5 Written Questions
5 Matching Questions
- Commercial Speech
- Miller v. California
- Exclusionary Rule
- Eighth Amendment
- First Amendment
- a The constitutional amendment that establishes the four great liberties: freedom of the press, of speech, of religion, and of assembly.
- b Excessive bail shall not be required, nor excessive fines imposed, nor cruel and unusual punishments inflicted.
- c the rule that evidence, no matter how incriminating, cannot be introduced into a trial if it was not constitutionally obtained.
- d A 1973 Supreme Court decision that avoided defining obscenity by holding that community standards be used to determine whether material is obscene in terms of appealing to a "prurient interest" and being "patently offensive" and lacking in value.
- e communication in the form of advertising; can be restricted more than many other types of speech
5 Multiple Choice Questions
- The 1987 Supreme Court decision that upheld the constitutionality of the death penalty against charges that it violated the Fourteenth Amendment because minority defendants were more likely to receive the death penalty than were White defendants.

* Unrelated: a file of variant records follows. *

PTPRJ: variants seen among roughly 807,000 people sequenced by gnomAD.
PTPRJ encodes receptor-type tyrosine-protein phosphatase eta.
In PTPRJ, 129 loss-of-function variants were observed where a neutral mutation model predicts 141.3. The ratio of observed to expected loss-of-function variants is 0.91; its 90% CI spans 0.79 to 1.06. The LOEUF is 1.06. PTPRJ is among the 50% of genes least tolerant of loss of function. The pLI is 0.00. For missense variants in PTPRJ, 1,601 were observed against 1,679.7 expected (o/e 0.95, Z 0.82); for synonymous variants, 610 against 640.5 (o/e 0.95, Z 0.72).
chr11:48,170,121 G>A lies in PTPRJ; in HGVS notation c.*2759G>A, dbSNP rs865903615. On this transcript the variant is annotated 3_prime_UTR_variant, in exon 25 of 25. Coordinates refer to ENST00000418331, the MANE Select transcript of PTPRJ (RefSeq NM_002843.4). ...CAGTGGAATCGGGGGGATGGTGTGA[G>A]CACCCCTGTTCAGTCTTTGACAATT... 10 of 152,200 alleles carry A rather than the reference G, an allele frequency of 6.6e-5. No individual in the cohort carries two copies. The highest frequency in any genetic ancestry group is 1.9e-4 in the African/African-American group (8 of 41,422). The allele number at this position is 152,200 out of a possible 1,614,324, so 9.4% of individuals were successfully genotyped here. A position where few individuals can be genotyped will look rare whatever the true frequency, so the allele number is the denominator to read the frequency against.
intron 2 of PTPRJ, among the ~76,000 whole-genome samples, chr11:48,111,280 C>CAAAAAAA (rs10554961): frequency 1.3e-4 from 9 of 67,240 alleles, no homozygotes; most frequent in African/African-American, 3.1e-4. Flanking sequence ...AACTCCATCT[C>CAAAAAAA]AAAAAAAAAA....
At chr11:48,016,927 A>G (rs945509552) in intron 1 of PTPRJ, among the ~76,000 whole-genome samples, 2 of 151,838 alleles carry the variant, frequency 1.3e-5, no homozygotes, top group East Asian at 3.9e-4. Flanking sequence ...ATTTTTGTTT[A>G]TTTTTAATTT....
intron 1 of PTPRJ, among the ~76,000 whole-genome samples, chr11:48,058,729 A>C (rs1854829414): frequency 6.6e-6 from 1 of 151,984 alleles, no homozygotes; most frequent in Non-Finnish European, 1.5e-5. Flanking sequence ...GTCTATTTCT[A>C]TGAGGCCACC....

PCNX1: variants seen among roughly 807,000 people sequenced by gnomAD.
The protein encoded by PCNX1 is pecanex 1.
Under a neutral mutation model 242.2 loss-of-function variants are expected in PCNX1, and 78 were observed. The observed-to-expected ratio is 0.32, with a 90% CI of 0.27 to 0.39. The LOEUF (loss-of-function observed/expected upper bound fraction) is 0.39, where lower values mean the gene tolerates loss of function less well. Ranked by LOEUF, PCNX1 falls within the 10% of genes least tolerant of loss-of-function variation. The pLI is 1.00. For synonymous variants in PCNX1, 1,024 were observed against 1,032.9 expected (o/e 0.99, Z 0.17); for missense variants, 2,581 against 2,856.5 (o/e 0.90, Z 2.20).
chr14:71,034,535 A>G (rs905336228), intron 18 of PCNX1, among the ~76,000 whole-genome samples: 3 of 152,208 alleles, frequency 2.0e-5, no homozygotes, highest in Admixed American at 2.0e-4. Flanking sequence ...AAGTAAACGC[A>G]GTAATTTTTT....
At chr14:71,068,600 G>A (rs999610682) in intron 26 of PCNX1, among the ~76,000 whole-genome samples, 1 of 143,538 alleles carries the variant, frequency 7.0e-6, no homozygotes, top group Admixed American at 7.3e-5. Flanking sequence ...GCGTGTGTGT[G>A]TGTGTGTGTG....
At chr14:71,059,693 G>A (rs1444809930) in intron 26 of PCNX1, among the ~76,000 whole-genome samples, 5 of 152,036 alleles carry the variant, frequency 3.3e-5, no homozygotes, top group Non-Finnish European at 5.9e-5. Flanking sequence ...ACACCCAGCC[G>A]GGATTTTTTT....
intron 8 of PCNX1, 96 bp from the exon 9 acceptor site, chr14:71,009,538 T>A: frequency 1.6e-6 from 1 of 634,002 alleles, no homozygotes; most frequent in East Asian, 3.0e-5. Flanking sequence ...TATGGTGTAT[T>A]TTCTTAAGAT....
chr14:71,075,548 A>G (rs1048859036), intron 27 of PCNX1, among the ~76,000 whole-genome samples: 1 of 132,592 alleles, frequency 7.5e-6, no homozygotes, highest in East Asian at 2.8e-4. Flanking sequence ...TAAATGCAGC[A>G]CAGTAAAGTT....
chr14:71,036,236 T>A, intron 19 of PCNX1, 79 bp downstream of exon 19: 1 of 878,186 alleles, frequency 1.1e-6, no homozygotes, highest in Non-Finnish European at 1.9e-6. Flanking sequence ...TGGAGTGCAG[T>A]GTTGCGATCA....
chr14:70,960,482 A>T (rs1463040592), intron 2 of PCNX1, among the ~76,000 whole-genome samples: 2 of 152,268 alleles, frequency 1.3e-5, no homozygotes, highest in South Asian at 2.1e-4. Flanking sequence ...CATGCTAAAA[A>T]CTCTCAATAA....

- established national abortion guidelines
- The right to a private personal life free from the intrusion of government.
- a 1974 case in which the Supreme Court held that a state could not force a newspaper to print replies from candidates it had criticized, illustrating the limited power of government to restrict the print media
- Supreme court decides that any actions taken that present a "clear and present danger" to the public or government isn't allowed, this can limit free speech
5 True/False Questions
Gregg v. Georgia → Established the exclusionary rule was applicable to the states (evidence seized illegally cannot be used in court)
Lemon v. Kurtzman → The 1971 Supreme Court decision that established that aid to church-related schools must (1) have a secular legislative purpose; (2) have a primary effect that neither advances nor inhibits religion; and (3) not foster excessive government entanglement with religion.
Fourth Amendment → The right of the people to be secure in their persons, houses, papers, and effects, against unreasonable searches and seizures, shall not be violated, and no warrants shall issue, but upon probable cause, supported by oath or affirmation, and particularly describing the place to be searched, and the persons or things to be seized.
Incorporation Doctrine → the legal concept under which the Supreme Court has nationalized the Bill of Rights by making most of its provisions applicable to the states through the fourteenth amendment
Barron v. Baltimore → The 1971 Supreme Court decision that established that aid to church-related schools must (1) have a secular legislative purpose; (2) have a primary effect that neither advances nor inhibits religion; and (3) not foster excessive government entanglement with religion.